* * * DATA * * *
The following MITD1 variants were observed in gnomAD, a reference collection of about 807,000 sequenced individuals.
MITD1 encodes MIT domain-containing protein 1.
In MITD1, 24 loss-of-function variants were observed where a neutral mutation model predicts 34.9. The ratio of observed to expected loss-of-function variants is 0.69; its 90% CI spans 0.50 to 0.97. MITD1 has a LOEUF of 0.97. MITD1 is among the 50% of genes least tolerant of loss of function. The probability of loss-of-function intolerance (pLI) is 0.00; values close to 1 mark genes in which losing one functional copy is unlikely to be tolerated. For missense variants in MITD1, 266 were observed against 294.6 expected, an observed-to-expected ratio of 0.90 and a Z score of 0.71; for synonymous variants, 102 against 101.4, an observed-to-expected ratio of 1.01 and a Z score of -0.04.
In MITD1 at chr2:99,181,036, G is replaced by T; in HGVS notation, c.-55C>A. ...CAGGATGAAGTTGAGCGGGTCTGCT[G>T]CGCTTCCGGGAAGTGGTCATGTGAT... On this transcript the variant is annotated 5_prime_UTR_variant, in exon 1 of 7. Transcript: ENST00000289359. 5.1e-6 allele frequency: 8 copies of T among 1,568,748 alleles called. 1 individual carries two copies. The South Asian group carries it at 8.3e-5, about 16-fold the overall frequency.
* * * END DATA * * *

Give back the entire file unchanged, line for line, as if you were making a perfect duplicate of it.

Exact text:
The following MITD1 variants were observed in gnomAD, a reference collection of about 807,000 sequenced individuals.
MITD1 encodes MIT domain-containing protein 1.
In MITD1, 24 loss-of-function variants were observed where a neutral mutation model predicts 34.9. The ratio of observed to expected loss-of-function variants is 0.69; its 90% CI spans 0.50 to 0.97. MITD1 has a LOEUF of 0.97. MITD1 is among the 50% of genes least tolerant of loss of function. The probability of loss-of-function intolerance (pLI) is 0.00; values close to 1 mark genes in which losing one functional copy is unlikely to be tolerated. For missense variants in MITD1, 266 were observed against 294.6 expected, an observed-to-expected ratio of 0.90 and a Z score of 0.71; for synonymous variants, 102 against 101.4, an observed-to-expected ratio of 1.01 and a Z score of -0.04.
In MITD1 at chr2:99,181,036, G is replaced by T; in HGVS notation, c.-55C>A. ...CAGGATGAAGTTGAGCGGGTCTGCT[G>T]CGCTTCCGGGAAGTGGTCATGTGAT... On this transcript the variant is annotated 5_prime_UTR_variant, in exon 1 of 7. Transcript: ENST00000289359. 5.1e-6 allele frequency: 8 copies of T among 1,568,748 alleles called. 1 individual carries two copies. The South Asian group carries it at 8.3e-5, about 16-fold the overall frequency.